Home > Activism, Living Well, MS Experience > Step on a Crack

Step on a Crack

By NJ White
July 26, 2023

“Break your rollator and your own back.”
I know the rhyme, but having MS brings this funny lyric into a scary reality.

Like me, you probably haven’t thought much about that rhyme since grade school. But unlike me, you will probably never have to worry about sidewalk cracks ever again.

I walk with a mobility aid. We call it the Cadillac. It was $480, and it’s a wide body in every sense of the term. Perfect fit for my wide hips, glides like a paper airplane, and the seat has a perfect cushion. I splurged and got the velour accessories (anything for style, right?). It’s navy, so its slightly boring in color. But its size says, “we are here.”

The point of a rollator is to protect the walker and reduce walking fatigue. It allows for stability, weight distribution, balancing and provides a much necessary seat for periods of fatigue. Over the past 3 years, I have transitioned to using my rollator 70% of the time when I am feeling my best and 100% when I’m symptomatic.

Specifically, one of my MS symptoms is foot drop. This means that when I am fatigued or when I have numb legs, I walk toes first instead of heel first. Basically, I fall all of the time. Mostly, I trip over myself, but there are times, many times actually, that I am tripped by an unnecessary obstruction.

So, about those concrete cracks…

Those of us who are differently-abled and who use mobility aids (like wheelchairs, walkers, rollators and canes) would greatly appreciate it if safe paved sidewalks and curbs would become a priority. Navigating spaces with abled-people is difficult enough. The sidewalk cracks, broken gravel, damaged curbs are like obstacle courses for sure.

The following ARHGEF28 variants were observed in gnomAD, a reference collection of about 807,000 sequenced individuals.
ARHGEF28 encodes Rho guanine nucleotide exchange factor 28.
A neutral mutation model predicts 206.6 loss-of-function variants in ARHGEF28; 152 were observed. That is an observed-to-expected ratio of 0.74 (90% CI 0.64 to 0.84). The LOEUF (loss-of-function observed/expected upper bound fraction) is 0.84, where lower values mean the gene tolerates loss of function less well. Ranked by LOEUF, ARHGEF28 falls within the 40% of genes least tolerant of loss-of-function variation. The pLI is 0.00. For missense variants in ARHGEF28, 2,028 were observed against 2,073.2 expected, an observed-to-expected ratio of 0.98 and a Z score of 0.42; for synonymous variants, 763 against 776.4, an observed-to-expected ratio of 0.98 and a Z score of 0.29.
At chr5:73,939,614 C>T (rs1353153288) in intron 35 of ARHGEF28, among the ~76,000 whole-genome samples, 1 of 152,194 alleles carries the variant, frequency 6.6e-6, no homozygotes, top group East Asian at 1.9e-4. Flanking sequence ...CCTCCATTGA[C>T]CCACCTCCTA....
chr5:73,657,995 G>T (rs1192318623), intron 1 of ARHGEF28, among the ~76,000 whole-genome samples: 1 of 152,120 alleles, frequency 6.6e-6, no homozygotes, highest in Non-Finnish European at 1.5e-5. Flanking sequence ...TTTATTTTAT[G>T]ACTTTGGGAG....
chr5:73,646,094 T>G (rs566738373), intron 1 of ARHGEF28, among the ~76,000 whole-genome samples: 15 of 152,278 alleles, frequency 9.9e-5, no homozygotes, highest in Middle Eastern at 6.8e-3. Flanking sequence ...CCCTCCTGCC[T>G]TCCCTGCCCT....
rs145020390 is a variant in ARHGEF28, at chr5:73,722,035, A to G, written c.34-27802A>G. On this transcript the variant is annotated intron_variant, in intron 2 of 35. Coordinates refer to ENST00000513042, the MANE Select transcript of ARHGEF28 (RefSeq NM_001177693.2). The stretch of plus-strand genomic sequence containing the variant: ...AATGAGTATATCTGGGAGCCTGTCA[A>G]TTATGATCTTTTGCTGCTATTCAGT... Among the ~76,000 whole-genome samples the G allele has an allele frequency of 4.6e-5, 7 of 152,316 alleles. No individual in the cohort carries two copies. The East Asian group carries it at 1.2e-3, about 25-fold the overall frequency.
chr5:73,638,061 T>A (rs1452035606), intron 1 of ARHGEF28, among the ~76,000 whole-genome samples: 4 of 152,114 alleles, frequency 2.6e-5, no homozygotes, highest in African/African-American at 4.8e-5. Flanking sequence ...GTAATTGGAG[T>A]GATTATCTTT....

The wheels and bases of mobility aids get caught all the time in those cracks, and it is the scariest thing and almost always dangerous to fall forward and over your mobility aid.

Trust me. Zero stars. I do not recommend.

Sidewalk cracks represent the great divide between able-minded thinking and differently-abled thinking. Do us a favor and don’t wait to experience it. Open your eyes to diverse perspectives and use your position and authority to help make lives better for others.

Oh, and advocate to fix these damn sidewalks.

NJ White

One year into a prolonged and late MS diagnosis, NJ is managing living and thriving with MS by establishing her voice for education and advocacy for multiple sclerosis. New to blogging, NJ is excited to increase transparency, awareness and empathy for this illness.

Related Posts

A light-skinned person standing firmly with a crutch on a white background

I get knocked down, but I’ll get up again

Recovering from a fall can be challenging. Read how one person gets up.

Illustration of a man in a grey room looking out into sunshine and blue sky.

Staying above water with MS

One blogger describes finding support and learning to love life again after his MS diagnosis.

A Black person wearing athletic clothing exercising with a weight.

Breaking the cycle of exclusion: Embracing cultural competence in physical activity research for people with MS

Cultural competence in research involves considering the culture and diversity of a population.

Advertisement